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Palliative Care

Palliative treatment alleviates pain and other symptoms, such as nausea and breathlessness, of medical conditions which cannot be cured. It has improved dramatically worldwide in the past 20 years, and it is important to note that it is continuing to get better every year.

Much care in the UK is provided free by charitable hospices, though some by the NHS. The hospice movement was started in the UK by Dame Cicely Saunders to address “total pain” , mental and spiritual as well as physical, in incurable patients, adults and children, and to support their families and close friends. The UK leads the world in palliative care, though everyone admits there is room for further improvement in making the best care available to all. It can be treatment at home, as an out-patient, or in a hospice or hospital.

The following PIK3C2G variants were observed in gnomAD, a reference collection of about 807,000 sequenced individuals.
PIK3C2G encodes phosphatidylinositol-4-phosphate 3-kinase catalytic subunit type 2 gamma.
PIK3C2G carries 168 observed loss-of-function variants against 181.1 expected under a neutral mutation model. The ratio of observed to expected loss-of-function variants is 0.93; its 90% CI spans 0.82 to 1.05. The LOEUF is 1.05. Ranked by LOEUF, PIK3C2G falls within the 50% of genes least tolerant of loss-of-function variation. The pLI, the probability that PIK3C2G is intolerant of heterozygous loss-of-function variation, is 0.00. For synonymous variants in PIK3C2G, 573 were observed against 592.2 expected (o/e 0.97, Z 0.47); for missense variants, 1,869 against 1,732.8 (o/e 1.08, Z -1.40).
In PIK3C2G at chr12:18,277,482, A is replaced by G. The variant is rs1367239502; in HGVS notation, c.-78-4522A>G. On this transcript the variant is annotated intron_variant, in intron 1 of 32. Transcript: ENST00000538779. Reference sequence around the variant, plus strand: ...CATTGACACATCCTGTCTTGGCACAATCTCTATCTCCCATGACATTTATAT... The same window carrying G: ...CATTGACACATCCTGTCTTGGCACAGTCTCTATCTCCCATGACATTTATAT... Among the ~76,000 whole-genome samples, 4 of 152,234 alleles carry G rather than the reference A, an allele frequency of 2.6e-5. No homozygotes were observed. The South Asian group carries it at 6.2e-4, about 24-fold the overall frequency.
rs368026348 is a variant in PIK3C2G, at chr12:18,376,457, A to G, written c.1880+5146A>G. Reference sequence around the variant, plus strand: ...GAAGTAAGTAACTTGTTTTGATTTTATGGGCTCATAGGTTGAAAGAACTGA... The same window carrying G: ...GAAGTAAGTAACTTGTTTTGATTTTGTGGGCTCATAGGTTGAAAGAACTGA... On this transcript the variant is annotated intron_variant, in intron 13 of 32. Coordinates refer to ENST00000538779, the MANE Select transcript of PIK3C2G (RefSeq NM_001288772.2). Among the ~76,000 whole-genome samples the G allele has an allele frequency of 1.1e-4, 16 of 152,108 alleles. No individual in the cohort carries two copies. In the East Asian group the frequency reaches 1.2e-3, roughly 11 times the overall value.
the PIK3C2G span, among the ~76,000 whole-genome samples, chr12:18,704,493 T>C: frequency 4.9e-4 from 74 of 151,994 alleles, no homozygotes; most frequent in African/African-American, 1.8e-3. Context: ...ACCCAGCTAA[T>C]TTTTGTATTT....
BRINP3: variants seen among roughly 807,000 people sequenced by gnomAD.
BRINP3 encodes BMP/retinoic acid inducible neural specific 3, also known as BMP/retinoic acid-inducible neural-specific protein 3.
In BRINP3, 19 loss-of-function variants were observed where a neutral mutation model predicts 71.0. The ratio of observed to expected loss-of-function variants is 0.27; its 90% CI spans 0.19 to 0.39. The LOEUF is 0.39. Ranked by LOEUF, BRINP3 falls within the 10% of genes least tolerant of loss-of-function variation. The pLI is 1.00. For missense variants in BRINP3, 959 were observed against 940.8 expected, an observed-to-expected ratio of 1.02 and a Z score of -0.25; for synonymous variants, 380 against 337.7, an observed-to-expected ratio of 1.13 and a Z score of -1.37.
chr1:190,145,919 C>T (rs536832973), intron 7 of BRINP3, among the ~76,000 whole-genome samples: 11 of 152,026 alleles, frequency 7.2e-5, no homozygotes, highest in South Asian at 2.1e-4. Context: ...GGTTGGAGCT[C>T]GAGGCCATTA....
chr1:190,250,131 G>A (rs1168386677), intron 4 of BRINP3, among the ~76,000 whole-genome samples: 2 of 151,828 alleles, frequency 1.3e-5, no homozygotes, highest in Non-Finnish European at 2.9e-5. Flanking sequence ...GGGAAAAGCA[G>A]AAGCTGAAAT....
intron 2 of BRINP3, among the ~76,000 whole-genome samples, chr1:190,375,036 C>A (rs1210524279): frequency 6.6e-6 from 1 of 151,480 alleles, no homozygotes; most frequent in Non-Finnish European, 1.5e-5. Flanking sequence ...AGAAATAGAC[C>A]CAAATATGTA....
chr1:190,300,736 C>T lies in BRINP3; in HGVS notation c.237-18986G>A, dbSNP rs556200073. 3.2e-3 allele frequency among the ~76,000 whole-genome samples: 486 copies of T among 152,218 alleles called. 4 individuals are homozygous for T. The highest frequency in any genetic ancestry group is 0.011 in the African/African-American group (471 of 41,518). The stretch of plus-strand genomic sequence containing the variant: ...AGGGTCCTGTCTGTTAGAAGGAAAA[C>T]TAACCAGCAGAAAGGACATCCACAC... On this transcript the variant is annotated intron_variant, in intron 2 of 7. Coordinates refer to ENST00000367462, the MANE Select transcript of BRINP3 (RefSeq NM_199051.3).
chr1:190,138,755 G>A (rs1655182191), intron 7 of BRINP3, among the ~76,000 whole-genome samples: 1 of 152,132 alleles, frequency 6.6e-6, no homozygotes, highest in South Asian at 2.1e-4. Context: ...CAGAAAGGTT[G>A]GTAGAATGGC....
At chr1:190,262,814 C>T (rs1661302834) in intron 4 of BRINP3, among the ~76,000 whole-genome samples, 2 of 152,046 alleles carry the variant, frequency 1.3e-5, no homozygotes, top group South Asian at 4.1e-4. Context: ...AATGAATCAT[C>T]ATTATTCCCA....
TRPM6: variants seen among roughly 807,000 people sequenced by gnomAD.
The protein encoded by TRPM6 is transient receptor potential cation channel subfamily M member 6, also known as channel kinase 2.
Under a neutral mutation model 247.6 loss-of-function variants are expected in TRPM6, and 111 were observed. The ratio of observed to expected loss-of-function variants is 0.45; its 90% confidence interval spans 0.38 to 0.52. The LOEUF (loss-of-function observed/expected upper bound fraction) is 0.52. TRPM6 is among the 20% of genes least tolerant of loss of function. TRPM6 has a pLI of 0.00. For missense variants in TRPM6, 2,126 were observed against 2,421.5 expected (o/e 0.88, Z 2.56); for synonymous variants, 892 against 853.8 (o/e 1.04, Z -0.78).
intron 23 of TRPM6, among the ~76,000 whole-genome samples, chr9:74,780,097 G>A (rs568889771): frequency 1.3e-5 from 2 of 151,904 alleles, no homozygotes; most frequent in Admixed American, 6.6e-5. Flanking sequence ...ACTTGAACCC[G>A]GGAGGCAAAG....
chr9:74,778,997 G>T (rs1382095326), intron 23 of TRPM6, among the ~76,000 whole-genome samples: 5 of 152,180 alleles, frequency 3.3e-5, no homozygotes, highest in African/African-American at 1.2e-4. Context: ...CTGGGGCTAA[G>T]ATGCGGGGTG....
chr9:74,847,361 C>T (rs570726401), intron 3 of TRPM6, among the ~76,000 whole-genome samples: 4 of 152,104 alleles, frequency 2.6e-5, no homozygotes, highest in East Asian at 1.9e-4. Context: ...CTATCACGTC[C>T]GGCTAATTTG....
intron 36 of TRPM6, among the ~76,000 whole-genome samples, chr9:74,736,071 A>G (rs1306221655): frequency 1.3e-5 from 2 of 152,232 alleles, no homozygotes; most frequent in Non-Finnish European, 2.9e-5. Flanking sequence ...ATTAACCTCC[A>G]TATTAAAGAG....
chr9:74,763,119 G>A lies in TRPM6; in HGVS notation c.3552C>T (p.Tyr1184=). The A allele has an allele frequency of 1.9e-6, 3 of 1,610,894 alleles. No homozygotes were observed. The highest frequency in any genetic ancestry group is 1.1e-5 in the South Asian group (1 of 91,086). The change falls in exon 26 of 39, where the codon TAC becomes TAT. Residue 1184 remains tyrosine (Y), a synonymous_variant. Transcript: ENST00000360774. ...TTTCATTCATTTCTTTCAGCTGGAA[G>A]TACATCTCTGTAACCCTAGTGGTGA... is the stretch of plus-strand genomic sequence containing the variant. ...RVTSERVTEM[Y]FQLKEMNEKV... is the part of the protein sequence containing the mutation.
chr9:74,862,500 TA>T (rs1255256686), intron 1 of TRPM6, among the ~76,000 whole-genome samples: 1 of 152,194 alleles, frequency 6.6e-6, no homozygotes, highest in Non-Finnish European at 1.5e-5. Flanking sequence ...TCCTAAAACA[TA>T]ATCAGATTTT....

Experts say that no one should suffer intolerable pain, though in up to 5% of cases of terminal cancer this might involve sedation, either temporarily or for a short time at the very end of life. Many of the claims by pro-euthanasiasts (for example that Motor Neurone Disease sufferers will choke to death) are irresponsible scare-mongering.

The Health Minister Els Borst who presided over the Netherlands infamous euthanasia law has admitted that it was a mistake, and that palliative care there is inadequate. In Oregon, patients refused expensive cancer drugs have been offered a free suicide kit. Hospice care in the USA is very different from in the UK, and involves resigning entitlement to treatment of the condition.

Legalising the negative quick-fix of assisted suicide would inevitably lead to a deterioration in palliative care for those with incurable conditions, who are overwhelmingly opposed, as are palliative care doctors, not just here but worldwide, to any relaxation of the law protecting them.

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